5 Important Ways Your Partner Can Affect Your Health
Research confirms that overall, being in a long-term committed relationship is beneficial to your health. Married people may have a 10-15 percent lower mortality rate than single people. Generally, relationships improve the mental health of women, and improve the physical health of men (although, of course, there is much overlap). The health benefits of romantic love are thought to apply mainly to long-term relationships, and not necessarily short-term dating or the early phases of a relationship. Why exactly are relationships good for your health?
1. Pain Study Explains Why Your Partner Can Affect Your Health
Research done by the University of Colorado, partnered with the University of Haifa (located in Israel), has proven that physical contact with your romantic partner acts as a natural pain reliever. Specifically, the study looked at heterosexual relationships—when the female partner was in pain, physical touch with her male partner caused relieved the suffering. The couple’s respiration and heart patterns also started to synchronize. Though this individual study was somewhat constrained—it only examined women in pain who are in heterosexual relationships, and it only recruited 22 couples—it is more than likely that this principle applies to males as well as females, and to those in homosexual relationships.
The authors of the study explain that this is demonstrative of a more big-picture principle: Interpersonal synchronization. This is a general term for a phenomenon where a person’s physiology begins to mirror that of the people he or she spends a lot of time with. Scientists have noticed this happening all across the animal kingdom as well as in humans, and it is an integral part of our species’ deeply social nature. Interpersonal synchronization means your partner can affect many different aspects of your health.
2. It's Easier to Build Healthy Habits if Your Partner Joins In
Interpersonal synchronization also happens on a higher level than just base biological processes, spreading also to conscious choices and behaviors. For example, researchers at University College London found that healthy habits are much easier to develop if you make it a joint effort with your partner. Specifically, they found that women who were trying to quit smoking had only an eight percent success rate if their partner kept on smoking in the meantime. This rate jumps up to 50 percent success if the woman’s partner tries to quit smoking at the same time. If the woman’s partner never smoked in the first place, she had just a 17 percent chance of successfully quitting.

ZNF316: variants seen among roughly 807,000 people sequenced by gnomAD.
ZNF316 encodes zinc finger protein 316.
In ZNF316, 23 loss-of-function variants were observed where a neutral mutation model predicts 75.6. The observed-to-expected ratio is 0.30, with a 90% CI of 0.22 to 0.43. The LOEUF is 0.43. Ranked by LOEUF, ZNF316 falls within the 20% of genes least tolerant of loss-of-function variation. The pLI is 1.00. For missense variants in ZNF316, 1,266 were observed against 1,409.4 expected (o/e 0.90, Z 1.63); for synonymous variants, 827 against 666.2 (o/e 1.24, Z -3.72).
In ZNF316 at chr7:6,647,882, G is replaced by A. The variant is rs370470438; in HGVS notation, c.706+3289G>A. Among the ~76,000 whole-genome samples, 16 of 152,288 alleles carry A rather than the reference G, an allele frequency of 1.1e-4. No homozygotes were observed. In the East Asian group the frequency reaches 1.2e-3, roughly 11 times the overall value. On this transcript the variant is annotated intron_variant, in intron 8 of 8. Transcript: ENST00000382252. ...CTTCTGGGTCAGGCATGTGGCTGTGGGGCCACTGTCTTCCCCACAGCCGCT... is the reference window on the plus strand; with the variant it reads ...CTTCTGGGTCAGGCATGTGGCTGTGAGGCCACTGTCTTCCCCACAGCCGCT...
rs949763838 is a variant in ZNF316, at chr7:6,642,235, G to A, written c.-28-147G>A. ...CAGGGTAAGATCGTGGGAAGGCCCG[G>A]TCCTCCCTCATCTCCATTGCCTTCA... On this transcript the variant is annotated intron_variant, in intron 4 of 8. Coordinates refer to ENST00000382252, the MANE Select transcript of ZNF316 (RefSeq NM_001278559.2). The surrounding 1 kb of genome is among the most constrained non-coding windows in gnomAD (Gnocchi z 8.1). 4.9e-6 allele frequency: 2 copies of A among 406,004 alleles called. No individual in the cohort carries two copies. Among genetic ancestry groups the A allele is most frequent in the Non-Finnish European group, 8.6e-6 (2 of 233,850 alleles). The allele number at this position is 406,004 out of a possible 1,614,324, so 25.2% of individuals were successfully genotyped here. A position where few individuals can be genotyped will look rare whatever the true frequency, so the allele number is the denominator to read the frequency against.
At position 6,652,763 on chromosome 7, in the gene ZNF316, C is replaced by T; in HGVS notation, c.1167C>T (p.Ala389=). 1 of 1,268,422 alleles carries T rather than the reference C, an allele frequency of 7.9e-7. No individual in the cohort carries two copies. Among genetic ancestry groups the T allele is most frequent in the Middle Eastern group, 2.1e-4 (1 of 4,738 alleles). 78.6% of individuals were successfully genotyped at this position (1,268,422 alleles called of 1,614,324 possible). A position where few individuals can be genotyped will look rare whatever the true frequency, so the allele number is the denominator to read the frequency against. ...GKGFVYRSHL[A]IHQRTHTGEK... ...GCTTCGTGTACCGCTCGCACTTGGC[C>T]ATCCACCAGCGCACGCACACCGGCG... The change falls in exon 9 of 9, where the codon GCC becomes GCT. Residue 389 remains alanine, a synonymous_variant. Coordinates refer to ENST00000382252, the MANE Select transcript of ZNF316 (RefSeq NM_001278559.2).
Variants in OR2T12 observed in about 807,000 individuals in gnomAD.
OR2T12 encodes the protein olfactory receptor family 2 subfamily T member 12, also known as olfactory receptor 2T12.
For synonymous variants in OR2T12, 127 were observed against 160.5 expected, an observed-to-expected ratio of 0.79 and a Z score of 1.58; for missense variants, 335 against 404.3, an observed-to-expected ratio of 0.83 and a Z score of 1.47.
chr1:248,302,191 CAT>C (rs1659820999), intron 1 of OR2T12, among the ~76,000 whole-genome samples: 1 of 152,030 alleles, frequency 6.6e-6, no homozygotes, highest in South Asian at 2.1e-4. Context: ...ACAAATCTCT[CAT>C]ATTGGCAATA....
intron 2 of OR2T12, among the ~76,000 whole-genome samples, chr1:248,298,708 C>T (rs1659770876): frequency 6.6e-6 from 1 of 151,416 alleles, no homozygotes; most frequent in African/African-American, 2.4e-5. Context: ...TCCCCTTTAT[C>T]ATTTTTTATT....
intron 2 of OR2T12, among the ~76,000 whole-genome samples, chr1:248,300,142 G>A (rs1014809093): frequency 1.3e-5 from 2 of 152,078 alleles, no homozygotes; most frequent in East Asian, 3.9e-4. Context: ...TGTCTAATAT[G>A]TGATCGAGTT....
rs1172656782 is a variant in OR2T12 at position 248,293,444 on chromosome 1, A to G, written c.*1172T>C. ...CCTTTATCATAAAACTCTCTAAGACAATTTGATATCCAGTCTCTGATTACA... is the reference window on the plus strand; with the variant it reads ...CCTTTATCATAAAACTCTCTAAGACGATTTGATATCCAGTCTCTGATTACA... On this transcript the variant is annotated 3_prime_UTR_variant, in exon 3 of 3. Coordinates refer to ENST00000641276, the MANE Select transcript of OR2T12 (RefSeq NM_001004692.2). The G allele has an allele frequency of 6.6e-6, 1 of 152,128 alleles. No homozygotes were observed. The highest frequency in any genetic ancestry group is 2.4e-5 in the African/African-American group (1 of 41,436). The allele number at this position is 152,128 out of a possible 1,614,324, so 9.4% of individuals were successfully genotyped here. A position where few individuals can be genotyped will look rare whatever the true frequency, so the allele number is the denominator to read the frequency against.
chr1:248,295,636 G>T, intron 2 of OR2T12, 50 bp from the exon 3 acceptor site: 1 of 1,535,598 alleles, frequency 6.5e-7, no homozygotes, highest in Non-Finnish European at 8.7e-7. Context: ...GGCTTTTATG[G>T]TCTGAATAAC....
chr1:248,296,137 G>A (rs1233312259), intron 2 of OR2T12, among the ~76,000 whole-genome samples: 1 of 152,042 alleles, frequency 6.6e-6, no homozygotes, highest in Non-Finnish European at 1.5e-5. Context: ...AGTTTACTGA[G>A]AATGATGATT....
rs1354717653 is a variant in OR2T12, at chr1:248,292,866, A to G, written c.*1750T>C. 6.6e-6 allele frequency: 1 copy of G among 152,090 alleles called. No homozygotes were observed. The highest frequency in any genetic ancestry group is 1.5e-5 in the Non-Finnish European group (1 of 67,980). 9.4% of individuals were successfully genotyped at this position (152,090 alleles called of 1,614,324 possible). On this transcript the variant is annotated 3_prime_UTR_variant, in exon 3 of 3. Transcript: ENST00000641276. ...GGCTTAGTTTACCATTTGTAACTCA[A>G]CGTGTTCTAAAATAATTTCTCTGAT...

Cutting out tobacco is probably not the only lifestyle change that can be made easier by implementing it together with your partner. You will probably find that building habits of exercise, eating healthy and reducing alcohol consumption is also easier if your significant other makes the same change. In fact, this is supported by further research, such as one study that showed that people who start exercising regularly make their partners more likely to do the same.
3. Relationship Status Affects Heart Health
A large-scale analysis of over 3.5 million Americans found that people who are married, regardless of any other factors, are significantly less likely to suffer from cardiovascular disease. More specifically, being married rather than single lowers your risk of cardiovascular problems by 12 percent in those under the age of 50, by seven percent in those between 51 and 60, and by four percent in those above age 60. Being widowed increases your risk by three percent, and being divorced increases your risk by five percent. The study authors say that the heart health benefits of being married are probably due to the way married people tend to look after each other.
Interestingly, one study found that people whose romantic partners are very helpful and supportive had lower calcium build-up in their arteries, which is a predictor of heart disease. This may be because having an unhelpful, unsupportive partner increases stress levels, which in turn affects cardiovascular well-being.
4. The Effects of a Partner on Mental Health
Your relationship status—and perhaps, more importantly, the quality of your relationship—can both have a profound impact on your mental health. A great relationship can make you feel amazing and relieve tons of stress. This is especially true if you have a healthy sex life, as shown by one 2009 study that found frequent sex leads to higher life satisfaction and better mental health. Another study, conducted by the World Health Organization in 2010, examined data from about 35,000 people and discovered that being married, regardless of how happy the marriage was, reduced the risk of developing anxiety disorders and other mental health conditions. Other research has found that being married alleviates symptoms of depression.
Naturally, if your relationship is unhappy or full of arguments, your mental health can suffer as a result due to the heightened stress.
5. The Downsides of a Happy Relationship
However, the interpersonal synchronization between two romantic partners has its downsides. Though healthy habits become easier to form when you do it together, unhealthy habits are also easier to fall into. This is especially true if you are very content in the relationship—research has found that people who are happier in their marriage are more likely to gain weight over the years. It's important to be aware of this effect, and instead make an effort to trend the opposite way—to build a healthy lifestyle together.